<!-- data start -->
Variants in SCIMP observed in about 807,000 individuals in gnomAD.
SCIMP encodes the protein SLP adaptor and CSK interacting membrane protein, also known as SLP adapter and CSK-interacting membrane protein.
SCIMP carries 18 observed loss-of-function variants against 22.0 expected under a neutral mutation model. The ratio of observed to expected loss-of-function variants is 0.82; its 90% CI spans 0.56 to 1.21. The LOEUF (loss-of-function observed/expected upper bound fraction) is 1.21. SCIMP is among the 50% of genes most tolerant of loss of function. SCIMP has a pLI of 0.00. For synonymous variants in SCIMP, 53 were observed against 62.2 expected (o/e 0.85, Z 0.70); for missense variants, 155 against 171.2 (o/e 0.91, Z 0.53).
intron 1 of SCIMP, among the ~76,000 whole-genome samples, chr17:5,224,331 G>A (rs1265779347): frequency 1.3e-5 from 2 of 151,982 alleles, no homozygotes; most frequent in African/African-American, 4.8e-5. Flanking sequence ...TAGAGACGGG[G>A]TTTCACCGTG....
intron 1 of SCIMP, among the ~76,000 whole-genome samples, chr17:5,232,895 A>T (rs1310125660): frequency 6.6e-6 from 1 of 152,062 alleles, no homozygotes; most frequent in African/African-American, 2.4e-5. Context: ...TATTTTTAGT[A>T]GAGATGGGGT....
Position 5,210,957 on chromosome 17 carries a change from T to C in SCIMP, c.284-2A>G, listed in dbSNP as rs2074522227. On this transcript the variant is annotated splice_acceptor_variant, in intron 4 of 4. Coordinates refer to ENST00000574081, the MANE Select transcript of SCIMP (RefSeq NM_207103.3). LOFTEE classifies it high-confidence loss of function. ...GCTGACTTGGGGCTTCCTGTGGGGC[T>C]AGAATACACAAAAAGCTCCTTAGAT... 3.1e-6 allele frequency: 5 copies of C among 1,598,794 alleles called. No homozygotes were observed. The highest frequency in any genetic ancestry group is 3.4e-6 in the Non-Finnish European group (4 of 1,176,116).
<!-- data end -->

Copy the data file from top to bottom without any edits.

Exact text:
Variants in SCIMP observed in about 807,000 individuals in gnomAD.
SCIMP encodes the protein SLP adaptor and CSK interacting membrane protein, also known as SLP adapter and CSK-interacting membrane protein.
SCIMP carries 18 observed loss-of-function variants against 22.0 expected under a neutral mutation model. The ratio of observed to expected loss-of-function variants is 0.82; its 90% CI spans 0.56 to 1.21. The LOEUF (loss-of-function observed/expected upper bound fraction) is 1.21. SCIMP is among the 50% of genes most tolerant of loss of function. SCIMP has a pLI of 0.00. For synonymous variants in SCIMP, 53 were observed against 62.2 expected (o/e 0.85, Z 0.70); for missense variants, 155 against 171.2 (o/e 0.91, Z 0.53).
intron 1 of SCIMP, among the ~76,000 whole-genome samples, chr17:5,224,331 G>A (rs1265779347): frequency 1.3e-5 from 2 of 151,982 alleles, no homozygotes; most frequent in African/African-American, 4.8e-5. Flanking sequence ...TAGAGACGGG[G>A]TTTCACCGTG....
intron 1 of SCIMP, among the ~76,000 whole-genome samples, chr17:5,232,895 A>T (rs1310125660): frequency 6.6e-6 from 1 of 152,062 alleles, no homozygotes; most frequent in African/African-American, 2.4e-5. Context: ...TATTTTTAGT[A>T]GAGATGGGGT....
Position 5,210,957 on chromosome 17 carries a change from T to C in SCIMP, c.284-2A>G, listed in dbSNP as rs2074522227. On this transcript the variant is annotated splice_acceptor_variant, in intron 4 of 4. Coordinates refer to ENST00000574081, the MANE Select transcript of SCIMP (RefSeq NM_207103.3). LOFTEE classifies it high-confidence loss of function. ...GCTGACTTGGGGCTTCCTGTGGGGC[T>C]AGAATACACAAAAAGCTCCTTAGAT... 3.1e-6 allele frequency: 5 copies of C among 1,598,794 alleles called. No homozygotes were observed. The highest frequency in any genetic ancestry group is 3.4e-6 in the Non-Finnish European group (4 of 1,176,116).